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By Cliff Hightower
If development continues on the Cumberland Plateau, regional water planning needs to be in the discussion, several Tennessee environmental groups said.
A study by the Tennessee Wildlife Federation shows more than 188,000 acres can be developed in a five-county region of the southern Cumberlands. The study looked at Franklin, Grundy, Marion, Sequatchie and Van Buren counties.
"There aren't going to be any new water sources up here," said Jon Evans, director of the Landscape Analysis Lab at The University of the South in Sewanee. "We've reached a tipping point as far as the number of people, and as far as the number of developments."
Marion and Franklin county officials met with water utility districts in both counties two weeks ago and talked about regional water planning. Over the past few months, drought has dried up the reservoir in Monteagle, Tenn., leaving the town without water.
The city has stopped taking new subdivision water customers, officials said. Other communities on the plateau have experienced similar effects.
Mr. Evans and other environmentalists said regional planning and new state regulations on development are the only way to avert future water shortages. Monteagle straddles three counties and deals with two water districts, he said.
"It's a complex web of jurisdictions," he said. "There needs to be something up here that guides growth."
John Emison, spokesman for Citizens for Home Rule Inc., said property rights must be protected whether or not water has run out in certain areas.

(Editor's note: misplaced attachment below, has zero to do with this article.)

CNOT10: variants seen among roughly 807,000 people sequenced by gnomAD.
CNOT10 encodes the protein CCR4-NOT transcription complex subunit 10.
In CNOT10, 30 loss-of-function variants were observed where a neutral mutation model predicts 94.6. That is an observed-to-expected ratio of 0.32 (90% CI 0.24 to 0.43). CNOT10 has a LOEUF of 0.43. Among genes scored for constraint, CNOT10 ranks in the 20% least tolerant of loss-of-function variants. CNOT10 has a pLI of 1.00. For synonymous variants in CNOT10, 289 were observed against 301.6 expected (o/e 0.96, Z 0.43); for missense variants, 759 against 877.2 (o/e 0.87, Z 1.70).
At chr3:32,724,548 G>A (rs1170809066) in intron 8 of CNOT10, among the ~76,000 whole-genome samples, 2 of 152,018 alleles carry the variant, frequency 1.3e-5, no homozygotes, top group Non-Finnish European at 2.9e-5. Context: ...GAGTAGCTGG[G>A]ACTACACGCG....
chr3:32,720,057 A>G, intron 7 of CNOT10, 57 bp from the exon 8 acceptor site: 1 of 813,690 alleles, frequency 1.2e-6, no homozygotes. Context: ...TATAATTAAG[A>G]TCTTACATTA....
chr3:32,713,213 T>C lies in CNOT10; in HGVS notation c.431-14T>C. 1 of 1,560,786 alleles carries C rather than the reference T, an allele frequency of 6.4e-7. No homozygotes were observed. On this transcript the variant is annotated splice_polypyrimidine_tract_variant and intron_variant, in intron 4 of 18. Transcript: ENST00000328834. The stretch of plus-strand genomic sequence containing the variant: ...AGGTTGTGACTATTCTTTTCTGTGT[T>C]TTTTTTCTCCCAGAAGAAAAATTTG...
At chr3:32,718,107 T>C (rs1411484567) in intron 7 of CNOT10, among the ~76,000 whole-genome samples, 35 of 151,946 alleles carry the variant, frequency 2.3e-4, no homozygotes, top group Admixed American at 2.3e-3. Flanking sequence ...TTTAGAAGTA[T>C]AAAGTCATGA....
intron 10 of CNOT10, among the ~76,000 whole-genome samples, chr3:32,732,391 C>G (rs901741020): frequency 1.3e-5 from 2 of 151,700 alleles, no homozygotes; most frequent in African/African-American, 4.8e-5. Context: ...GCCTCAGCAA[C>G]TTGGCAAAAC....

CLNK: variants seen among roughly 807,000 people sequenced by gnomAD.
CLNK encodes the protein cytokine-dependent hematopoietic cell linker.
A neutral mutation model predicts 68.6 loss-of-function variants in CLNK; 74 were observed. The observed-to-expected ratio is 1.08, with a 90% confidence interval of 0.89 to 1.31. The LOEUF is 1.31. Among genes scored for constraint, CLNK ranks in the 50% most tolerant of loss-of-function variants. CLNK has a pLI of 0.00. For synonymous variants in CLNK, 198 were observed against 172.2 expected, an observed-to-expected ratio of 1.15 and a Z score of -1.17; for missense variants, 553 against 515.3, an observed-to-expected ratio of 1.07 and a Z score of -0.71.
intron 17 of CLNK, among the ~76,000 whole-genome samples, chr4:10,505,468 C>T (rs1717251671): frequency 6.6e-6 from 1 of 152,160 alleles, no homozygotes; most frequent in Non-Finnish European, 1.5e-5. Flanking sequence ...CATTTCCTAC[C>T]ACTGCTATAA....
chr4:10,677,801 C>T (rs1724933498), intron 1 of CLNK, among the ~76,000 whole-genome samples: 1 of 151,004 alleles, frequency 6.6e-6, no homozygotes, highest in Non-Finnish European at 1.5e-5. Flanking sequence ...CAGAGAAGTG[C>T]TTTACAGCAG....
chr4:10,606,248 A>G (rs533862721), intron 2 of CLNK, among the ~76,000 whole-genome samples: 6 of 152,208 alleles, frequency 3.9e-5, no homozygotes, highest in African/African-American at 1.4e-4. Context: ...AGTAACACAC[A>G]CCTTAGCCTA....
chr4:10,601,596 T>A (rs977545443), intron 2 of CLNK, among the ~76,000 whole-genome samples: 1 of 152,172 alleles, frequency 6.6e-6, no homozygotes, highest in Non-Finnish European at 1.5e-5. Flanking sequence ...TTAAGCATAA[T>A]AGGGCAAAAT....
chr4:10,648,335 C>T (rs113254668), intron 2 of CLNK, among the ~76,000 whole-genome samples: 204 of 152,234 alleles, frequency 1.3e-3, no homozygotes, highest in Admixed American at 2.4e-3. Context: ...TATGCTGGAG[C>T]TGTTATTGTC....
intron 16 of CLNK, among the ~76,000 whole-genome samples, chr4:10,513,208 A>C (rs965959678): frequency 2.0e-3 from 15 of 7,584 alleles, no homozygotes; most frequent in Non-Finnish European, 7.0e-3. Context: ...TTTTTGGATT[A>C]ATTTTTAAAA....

"If you start restricting what people can or cannot do with their property, then the property owner should be compensated," he said. "The property owner should not bear the cost of the burden."
Daniel Carter, a consultant for the Tennessee Wildlife Federation, conducted a study of growth in the region as part of a look at how development impacts the area's watersheds.
Mr. Carter, a former consultant with the University of Tennessee's County Technical Assistance Service, said he doesn't know whether regional water planning could work because there are no incentives for utilities to join.
"We haven't looked at what is going to be the carrot and the stick on getting it implemented," he said.
Mr. Carter said he supports comprehensive planning that looks at the needs of developments and of residents without water or with low water pressure.
Trip Pollard, the director of land and community planning at the Southern Environmental Law Center, said he thinks regional water planning needs a hard look. Any developments built on the plateau also need guidelines restricting water usage, he said.
Making that a condition for hooking up to the water line, as well as offering incentives to developers, could help make water conservation a priority for plateau growth, he said.
"We have a limited resource here and if the experience over the last few months hasn't shown us that, nothing will," he said.
Marion County Mayor Howell Moss said regional planning has been talked about for five years, but has only come to the forefront in the past few weeks. It could happen, he said.
Scott Davis, executive director of the Tennessee chapter of The Nature Conservancy, said that without regional planning, battles over water rights might become the norm.
"We're going to end up in Western-style water war if we're not careful," he said.
E-mail Cliff Hightower at firstname.lastname@example.org